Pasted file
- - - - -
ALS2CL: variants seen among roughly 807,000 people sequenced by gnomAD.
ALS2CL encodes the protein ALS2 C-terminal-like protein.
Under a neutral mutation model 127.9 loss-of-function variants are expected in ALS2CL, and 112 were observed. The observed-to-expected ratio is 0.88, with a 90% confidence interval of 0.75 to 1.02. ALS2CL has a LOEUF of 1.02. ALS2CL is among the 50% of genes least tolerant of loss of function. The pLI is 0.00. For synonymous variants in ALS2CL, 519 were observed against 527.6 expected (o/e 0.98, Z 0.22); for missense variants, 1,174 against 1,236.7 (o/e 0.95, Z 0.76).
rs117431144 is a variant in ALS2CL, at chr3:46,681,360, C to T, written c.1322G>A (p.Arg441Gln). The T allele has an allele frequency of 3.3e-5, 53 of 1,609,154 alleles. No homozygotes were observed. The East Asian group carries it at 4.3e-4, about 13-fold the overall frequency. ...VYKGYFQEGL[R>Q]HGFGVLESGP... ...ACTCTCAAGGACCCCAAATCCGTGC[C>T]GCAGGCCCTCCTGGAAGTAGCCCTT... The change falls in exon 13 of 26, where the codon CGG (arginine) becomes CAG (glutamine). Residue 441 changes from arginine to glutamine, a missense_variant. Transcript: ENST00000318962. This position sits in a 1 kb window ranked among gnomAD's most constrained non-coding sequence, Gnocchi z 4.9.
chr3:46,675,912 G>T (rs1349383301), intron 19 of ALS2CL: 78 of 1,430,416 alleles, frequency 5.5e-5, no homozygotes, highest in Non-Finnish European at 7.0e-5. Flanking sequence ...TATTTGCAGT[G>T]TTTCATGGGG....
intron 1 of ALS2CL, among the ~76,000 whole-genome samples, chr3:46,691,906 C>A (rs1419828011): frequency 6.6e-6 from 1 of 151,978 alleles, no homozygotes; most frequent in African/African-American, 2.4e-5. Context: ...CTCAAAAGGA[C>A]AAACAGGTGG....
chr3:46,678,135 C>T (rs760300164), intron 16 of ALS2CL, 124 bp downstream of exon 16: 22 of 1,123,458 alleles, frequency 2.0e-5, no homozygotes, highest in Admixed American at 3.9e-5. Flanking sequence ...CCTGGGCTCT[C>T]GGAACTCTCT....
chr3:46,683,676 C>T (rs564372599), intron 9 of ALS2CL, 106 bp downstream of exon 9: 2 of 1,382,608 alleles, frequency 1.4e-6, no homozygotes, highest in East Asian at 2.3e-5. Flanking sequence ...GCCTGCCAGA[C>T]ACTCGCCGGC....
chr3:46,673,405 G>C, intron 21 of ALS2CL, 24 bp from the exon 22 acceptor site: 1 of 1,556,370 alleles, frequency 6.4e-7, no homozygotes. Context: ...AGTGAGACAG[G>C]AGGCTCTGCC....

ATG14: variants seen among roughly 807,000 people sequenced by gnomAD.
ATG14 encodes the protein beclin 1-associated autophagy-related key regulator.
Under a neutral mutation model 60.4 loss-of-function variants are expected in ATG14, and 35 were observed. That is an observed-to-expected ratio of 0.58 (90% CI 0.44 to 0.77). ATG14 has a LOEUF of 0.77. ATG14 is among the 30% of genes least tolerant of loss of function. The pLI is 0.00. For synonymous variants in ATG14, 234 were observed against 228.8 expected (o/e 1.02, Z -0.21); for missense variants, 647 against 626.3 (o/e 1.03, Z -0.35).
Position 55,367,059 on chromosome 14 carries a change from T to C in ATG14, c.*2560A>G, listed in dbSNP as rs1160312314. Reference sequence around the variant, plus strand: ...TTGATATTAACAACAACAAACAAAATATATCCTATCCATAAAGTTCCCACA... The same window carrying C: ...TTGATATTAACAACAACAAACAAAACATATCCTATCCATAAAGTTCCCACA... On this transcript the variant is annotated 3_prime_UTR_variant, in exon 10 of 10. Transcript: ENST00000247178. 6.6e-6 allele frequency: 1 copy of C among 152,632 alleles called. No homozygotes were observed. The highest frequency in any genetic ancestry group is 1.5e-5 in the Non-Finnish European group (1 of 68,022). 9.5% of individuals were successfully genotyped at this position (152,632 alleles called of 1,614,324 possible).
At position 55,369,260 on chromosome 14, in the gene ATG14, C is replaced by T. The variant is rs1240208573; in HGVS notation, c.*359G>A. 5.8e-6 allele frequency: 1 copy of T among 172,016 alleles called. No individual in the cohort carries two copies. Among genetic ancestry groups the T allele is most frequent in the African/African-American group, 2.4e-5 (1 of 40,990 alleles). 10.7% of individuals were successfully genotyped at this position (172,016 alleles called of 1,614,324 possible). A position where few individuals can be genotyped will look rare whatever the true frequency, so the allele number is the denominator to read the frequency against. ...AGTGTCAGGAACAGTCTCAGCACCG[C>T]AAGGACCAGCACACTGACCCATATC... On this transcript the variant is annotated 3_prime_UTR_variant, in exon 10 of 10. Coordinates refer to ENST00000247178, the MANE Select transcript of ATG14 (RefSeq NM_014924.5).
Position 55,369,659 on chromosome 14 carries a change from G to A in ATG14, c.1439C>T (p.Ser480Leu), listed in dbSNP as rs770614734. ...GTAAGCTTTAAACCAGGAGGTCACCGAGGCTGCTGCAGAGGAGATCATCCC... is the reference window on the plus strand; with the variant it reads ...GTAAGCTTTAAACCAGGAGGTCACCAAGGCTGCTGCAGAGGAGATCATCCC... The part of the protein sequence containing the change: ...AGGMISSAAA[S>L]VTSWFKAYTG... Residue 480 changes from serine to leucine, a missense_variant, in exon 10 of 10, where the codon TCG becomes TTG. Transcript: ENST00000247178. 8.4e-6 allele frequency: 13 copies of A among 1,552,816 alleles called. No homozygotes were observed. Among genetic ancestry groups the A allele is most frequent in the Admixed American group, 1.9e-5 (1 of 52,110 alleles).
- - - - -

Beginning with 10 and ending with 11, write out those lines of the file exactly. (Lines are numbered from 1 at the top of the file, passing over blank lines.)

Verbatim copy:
ATG14: variants seen among roughly 807,000 people sequenced by gnomAD.
ATG14 encodes the protein beclin 1-associated autophagy-related key regulator.